Archive for the ‘ Bible ’ Category

Merciful Death

Cross Walk 2008

Me doing the Cross Walk in 2008

If we honestly looked around our world, we could see plenty of good reasons why people would want to take their lives. Sad? Definitely.

Sorry to be gloomy and maybe even a bit sick, but what if they are on to something?

Sweet Death

I read an article recently in Christian Research Journal (Vol. 34, No. 2, 2011) titled “A Christian View of Human Nature“. The author, John S. Hammet, had this to say about death:

Moreover, may not the end of life in this world be a severe mercy from God? True, death entered the world as the punishment for sin, but a punishment that opened the door to mercy. For once humans had fallen and become like God in knowing, not just good, but now evil, God intervened: “He must not be allowed to reach out his hand and take also from the tree of life, and live forever” (Gen. 3:22). It was the mercy of God that established the limitation of life as a fallen human; as redeemed persons, we are welcomed to the tree of life (Rev. 22:3).

Not only could God have allowed death as a mercy to get away from the suffering we brought upon ourselves (and for the record, I am not making any arguments today about the afterlife for all people; this is just about this life), but He used death to defeat death!

Therefore, just as sin entered the world through one man, and death through sin, and in this way death came to all people, because all sinned.

But:

Since the children have flesh and blood, [Jesus] too shared in their humanity so that by his death he might break the power of him who holds the power of death—that is, the devil— and free those who all their lives were held in slavery by their fear of death.

From the beginning, God showed us mercy through death. Even if you do not hold to Hammet’s take, here are some examples:

What do you think? Is death God once again showing His grace in the midst of our punishment?

The Gospel of Nothing

Nothing to offerWhat are we able to give God?

What is it that we can give God to get closer to God?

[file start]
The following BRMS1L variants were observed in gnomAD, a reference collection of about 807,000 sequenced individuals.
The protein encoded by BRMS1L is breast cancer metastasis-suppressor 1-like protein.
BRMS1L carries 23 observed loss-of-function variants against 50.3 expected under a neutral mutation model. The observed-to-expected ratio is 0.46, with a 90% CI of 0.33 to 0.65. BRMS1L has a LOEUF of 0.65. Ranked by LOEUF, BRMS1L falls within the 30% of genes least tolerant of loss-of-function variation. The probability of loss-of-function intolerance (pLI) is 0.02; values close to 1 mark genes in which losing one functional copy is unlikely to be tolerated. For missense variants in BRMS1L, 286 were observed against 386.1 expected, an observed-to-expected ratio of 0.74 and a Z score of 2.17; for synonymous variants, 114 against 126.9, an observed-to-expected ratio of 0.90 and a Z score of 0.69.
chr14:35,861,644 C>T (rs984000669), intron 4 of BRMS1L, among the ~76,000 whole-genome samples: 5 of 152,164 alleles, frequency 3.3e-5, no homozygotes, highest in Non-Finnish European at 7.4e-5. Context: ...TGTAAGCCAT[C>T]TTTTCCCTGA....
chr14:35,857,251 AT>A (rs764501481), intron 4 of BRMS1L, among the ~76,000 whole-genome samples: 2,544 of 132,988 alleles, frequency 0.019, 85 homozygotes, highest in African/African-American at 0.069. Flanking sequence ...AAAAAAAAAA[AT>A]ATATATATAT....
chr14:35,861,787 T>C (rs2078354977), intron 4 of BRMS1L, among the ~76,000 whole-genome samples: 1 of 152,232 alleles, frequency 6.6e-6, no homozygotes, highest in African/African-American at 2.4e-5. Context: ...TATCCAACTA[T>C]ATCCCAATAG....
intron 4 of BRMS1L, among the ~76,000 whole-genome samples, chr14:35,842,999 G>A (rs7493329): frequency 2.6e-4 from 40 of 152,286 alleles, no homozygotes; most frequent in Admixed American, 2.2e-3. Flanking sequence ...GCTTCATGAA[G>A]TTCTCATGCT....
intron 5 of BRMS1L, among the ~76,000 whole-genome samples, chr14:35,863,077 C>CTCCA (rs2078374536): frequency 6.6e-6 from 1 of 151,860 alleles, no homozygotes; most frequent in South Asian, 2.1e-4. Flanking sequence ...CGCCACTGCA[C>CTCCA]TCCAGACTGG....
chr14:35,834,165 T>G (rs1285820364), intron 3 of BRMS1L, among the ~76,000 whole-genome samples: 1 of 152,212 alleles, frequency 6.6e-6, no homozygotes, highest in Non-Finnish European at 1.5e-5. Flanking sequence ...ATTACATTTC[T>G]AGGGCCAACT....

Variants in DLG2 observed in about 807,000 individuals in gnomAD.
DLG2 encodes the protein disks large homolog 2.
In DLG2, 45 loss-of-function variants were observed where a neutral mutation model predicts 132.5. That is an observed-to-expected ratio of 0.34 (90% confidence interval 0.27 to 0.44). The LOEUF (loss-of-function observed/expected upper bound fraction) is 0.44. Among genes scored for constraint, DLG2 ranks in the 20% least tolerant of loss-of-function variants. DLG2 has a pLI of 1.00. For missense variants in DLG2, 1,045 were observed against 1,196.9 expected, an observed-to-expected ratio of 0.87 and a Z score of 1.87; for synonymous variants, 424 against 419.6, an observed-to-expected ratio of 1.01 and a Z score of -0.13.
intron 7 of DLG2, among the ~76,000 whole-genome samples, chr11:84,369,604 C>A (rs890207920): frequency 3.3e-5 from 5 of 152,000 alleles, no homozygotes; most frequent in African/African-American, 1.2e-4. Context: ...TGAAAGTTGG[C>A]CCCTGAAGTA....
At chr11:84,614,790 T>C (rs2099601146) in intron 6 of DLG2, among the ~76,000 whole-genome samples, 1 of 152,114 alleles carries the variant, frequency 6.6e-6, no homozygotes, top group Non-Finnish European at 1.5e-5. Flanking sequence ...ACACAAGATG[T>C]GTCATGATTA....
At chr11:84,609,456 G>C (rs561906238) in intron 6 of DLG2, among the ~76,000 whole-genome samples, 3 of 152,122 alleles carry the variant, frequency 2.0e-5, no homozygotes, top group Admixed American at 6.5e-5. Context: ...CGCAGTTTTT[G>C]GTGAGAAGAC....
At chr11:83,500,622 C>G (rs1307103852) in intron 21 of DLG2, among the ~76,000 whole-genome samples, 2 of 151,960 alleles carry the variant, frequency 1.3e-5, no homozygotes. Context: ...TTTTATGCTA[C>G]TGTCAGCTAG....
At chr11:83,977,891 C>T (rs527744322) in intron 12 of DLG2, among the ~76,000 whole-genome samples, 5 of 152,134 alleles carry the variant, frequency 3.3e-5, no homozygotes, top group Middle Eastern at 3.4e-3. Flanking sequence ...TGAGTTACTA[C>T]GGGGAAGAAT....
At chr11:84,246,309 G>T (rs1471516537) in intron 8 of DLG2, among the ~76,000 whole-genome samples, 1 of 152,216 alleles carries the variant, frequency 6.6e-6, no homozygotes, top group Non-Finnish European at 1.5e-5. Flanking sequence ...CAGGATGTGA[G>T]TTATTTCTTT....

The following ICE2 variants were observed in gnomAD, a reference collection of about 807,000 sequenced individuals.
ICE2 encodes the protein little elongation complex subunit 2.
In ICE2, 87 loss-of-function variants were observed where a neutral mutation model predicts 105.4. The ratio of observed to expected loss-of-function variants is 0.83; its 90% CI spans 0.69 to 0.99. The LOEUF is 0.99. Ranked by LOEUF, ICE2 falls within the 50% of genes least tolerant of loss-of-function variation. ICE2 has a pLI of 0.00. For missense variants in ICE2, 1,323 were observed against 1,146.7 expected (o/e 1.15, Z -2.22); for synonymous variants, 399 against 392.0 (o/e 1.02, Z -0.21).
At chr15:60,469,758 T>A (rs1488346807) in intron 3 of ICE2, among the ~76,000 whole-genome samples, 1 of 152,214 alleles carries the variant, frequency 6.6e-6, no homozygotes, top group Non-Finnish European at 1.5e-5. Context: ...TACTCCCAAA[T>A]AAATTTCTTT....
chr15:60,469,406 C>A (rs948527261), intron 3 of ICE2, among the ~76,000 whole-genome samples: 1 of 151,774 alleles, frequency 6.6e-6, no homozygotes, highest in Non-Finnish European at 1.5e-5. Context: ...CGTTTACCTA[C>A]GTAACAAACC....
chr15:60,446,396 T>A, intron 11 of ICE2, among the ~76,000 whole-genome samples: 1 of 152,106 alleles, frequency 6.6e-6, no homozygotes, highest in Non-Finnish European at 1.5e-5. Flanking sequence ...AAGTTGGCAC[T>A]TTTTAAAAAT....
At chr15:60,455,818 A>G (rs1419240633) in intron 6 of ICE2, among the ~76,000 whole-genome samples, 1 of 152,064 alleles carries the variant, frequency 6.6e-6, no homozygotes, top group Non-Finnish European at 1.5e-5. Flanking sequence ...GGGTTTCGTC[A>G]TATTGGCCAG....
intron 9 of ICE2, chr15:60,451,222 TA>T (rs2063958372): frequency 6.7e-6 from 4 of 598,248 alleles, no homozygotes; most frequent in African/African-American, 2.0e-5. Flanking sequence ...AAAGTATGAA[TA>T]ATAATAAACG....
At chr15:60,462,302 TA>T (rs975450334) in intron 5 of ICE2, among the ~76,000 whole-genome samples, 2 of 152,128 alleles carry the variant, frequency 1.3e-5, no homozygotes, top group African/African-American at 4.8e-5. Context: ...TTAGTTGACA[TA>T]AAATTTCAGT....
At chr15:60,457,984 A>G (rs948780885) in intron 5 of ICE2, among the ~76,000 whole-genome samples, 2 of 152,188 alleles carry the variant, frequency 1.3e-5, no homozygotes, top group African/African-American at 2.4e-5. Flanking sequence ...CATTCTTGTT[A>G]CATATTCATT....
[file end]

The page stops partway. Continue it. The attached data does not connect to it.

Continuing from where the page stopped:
Creator of Everything

God is the Creator of everything. All things we are able to measure. Almost all things we are not able to measure.

God created light. God created atoms and molecules. God created mass. God created single-celled organisms. God created plants. God created animals. God created us. God created emotions and infact has emotions. God created and is goodness. God created and is truth. God created and is Life.

God did not create lies. God did not create hurts. God did not create pain. God did not create hate. God did not create evil. God did not create sin.

What we give God

This last line is what we can give God … at least at first.

This is the gospel: We have nothing to give God but our filth, our hurts, our lies, our hate, our evil, our sin.

In other words, nothing.

But we also give God our choice to follow.

In other words, we choose to love God.

God takes all this and gives us in exchange grace, forgiveness, grace, the Holy Spirit, grace, a new car new life, grace, and hope for a future in Eternity.

God also does not want us to continue living as we have. That is why there is new life with the Holy Spirit. This is also why there is so much grace: we will continue to mess up.

But God wants more.Empty to receive

After clearing us out of all of our nothing, God knows we need something.

If we present ourselves as ready and willing for whatever, God fills us with Himself – the Holy Spirit – to go out and perform good works for the benefit of others to bring glory to God.

After giving God our nothing, God gives us the ability to give our very lives, to give the Love given to us, to give forgiveness to ourselves and to others, to give our all.

Rising Second Title

Earlier we heard from Mark about faith in Christ and the importance of the Resurrection. I have some other thoughts.

Today is Groundhog Day! This is the day a bunch of American’s put their faith in a small mammal who rises out of the ground to tell us whether we have to wait six more weeks for spring or should expect spring to come on March 20. So many people put their faith in this tiny creature to let them know if we have to wait 42 days to see the snowy season end or … 46 days.

Do those four days really matter? And, really, the hope is that it is an early spring will come if the little guy does not see his shadow. A few funny tidbits about Phil and his history: